jcollins@coh.org
 
Location
City of Hope
1500 East Duarte Road
Duarte, CA 91010-3000

Northwest Building
Room 2265

Phone: 626-256-HOPE (4673), ext. 62025
Fax: 626-301-8877
 

Pricing

Current service offering and pricing can be found on our iLab Solutions site. Please contact us with any questions. 

 

 

Using the Facility

New users of the fluorescent microscope and imaging systems must schedule an introductory training session with Vicki Bedell at 626-256-HOPE (4673), ext. 62025, before using the system. Once trained, researchers may use the system independently.

In order to reserve the facility, City of Hope researchers may schedule microscope use via the online calendaring system in MS Outlook or contact the core facility.Non-City of Hope personnel should contact the core facility. All users should book the facility as far in advance as possible, and must complete and submit the Core Lab Services Request Form . If you have limited needs (e.g., a few photographs), you may request that these be processed by Cytogenetics Core facility personnel.
 
Supplies Needed
Most of the reagents needed are provided by the Cytogenetics Core Laboratory. However, researchers should specify the tissue culture medium required for their cell lines, and any special reagent(s) for their project (e.g., ASI Mouse SKY Probe kit). Users must also complete and submit theCytogenetics Core Lab Service Request Form.
 
Turnaround Time
The turn-around time is highly project-dependent. Please contactJoyce Collins, Ph.D.to discuss the project for estimated turn-around-times.

Cytogenetics Core Laboratory

Cytogenetics Core Laboratory

City of Hope’s Cytogenetics Core Laboratory, supported by the National Cancer Institute-funded Cancer Center Support Grant, provides classic and molecular cytogenetics [fluorescence in-situ hybridization (FISH)] services to Beckman Research Institute researchers, as well as non-City of Hope investigators. FISH testing has proved invaluable as a diagnostic tool in many types of malignancies and is useful in determining both prognosis and course of treatment. The equipment in the Cytogenetics Core Laboratory is available to researchers on an appointment basis. The laboratory also provides training and consultation services in molecular cytogenetic testing.

Services

Services and Equipment

Cytogenetics Core services available include:
  • Cell line characterization and tumor bank storage
  • Solid tumor cytogenetic analysis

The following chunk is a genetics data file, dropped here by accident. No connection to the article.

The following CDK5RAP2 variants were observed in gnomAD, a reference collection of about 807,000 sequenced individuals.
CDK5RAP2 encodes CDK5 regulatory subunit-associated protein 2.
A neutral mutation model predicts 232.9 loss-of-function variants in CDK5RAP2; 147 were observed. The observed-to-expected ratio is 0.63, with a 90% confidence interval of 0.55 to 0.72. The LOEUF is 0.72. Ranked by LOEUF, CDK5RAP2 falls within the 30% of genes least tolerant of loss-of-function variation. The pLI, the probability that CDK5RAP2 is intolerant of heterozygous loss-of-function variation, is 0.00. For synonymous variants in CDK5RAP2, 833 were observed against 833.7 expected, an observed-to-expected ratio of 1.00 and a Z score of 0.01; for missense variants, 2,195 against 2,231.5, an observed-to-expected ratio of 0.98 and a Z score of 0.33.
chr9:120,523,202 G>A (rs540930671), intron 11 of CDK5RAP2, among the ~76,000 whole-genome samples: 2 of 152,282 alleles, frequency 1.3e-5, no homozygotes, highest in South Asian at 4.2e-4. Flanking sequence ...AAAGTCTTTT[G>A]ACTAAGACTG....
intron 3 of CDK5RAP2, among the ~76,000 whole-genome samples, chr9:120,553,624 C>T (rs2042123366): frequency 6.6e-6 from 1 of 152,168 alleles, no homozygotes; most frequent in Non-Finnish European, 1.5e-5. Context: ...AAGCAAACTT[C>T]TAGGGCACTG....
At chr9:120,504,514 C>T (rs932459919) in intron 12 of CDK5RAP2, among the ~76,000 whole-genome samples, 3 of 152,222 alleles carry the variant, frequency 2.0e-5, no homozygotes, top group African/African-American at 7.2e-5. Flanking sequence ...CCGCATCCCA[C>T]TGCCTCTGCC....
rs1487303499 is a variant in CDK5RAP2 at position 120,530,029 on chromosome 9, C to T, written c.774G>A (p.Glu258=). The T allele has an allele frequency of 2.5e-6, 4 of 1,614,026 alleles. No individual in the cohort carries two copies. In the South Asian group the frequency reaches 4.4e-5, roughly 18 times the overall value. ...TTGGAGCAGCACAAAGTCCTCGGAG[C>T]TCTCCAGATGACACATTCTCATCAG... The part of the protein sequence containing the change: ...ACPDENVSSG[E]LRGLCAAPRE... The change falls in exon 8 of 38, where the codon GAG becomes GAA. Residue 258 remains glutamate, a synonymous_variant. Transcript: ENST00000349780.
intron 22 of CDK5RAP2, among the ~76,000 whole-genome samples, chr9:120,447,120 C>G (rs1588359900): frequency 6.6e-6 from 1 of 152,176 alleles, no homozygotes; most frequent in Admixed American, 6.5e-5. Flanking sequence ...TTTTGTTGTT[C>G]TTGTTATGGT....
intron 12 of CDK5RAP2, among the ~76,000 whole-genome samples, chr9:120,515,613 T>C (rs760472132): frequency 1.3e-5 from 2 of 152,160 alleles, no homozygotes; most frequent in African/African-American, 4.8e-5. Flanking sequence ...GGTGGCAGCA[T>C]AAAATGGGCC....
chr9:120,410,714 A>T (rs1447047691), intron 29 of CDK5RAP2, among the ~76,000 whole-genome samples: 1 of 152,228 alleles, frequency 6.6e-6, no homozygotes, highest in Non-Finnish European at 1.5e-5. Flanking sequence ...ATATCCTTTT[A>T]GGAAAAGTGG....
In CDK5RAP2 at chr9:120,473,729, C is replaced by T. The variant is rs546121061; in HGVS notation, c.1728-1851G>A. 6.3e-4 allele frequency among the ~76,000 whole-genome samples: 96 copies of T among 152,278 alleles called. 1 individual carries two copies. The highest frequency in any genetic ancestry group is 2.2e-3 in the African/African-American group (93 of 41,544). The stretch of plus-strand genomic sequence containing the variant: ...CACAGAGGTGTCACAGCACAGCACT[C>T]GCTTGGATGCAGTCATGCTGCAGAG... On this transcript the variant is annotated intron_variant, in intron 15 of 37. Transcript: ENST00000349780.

• FISH analysis /FISH enumeration only
  • Genotype-phenotype correlation via immunocytochemistry/FISH analysis
  • Gene mapping
  • Photomicrography Human 24-color karyotyping (SKY)
  • Mouse 20-color karyotyping (SKY)
  • HUMARA clonality assay
  • Human 19K BAC array analysis (DNA to data)
  • Consultation and training services
 
 
Probes Utilized
The Cytogenetics Core Laboratory has experience with all commercially-available probes (e.g., chromosome enumeration probes, painting probes, single copy or locus-specific probes, translocation probes, human and mouse SKY probes, etc.) and nick-translated DNA fragments provided by researchers as “homebrew” probes (nick translocation labeling may be performed by Cytogenetics Core lab personnel). The DNA fragments may be genomic DNA, cDNA or vector DNA; however, due to sensitivity limitations of our current instrumentation, unique sequence probes larger than 2.5 kb are required for mapping studies. If the probe is known to be amplified, probes larger than 1 kb may be used.
 

Equipment
The Cytogenetics Core Laboratory is equipped with high-resolution fluorescent and light photomicroscopes, and three computerized imaging systems (including the SKY Applied Spectral Imaging System and the Bioview System), which are able to capture, process and print microscopic images. Tissue culture facilities and equipment for probe labeling and hybridization are also available.

 

Fluorochromes commonly used with our fluorescent microscopes:
The fluorescent microscopes in the Cytogenetics Core are optimized for observation of the fluorochromes listed below. However, fluorochromes with similar excitation and emission wavelengths as those listed below may also be observed with our systems.

 

 

Fluorochrome                                                   Emission (nm)
FITC or Fluorescein (green)                           520
Texas-red (red)                                                  620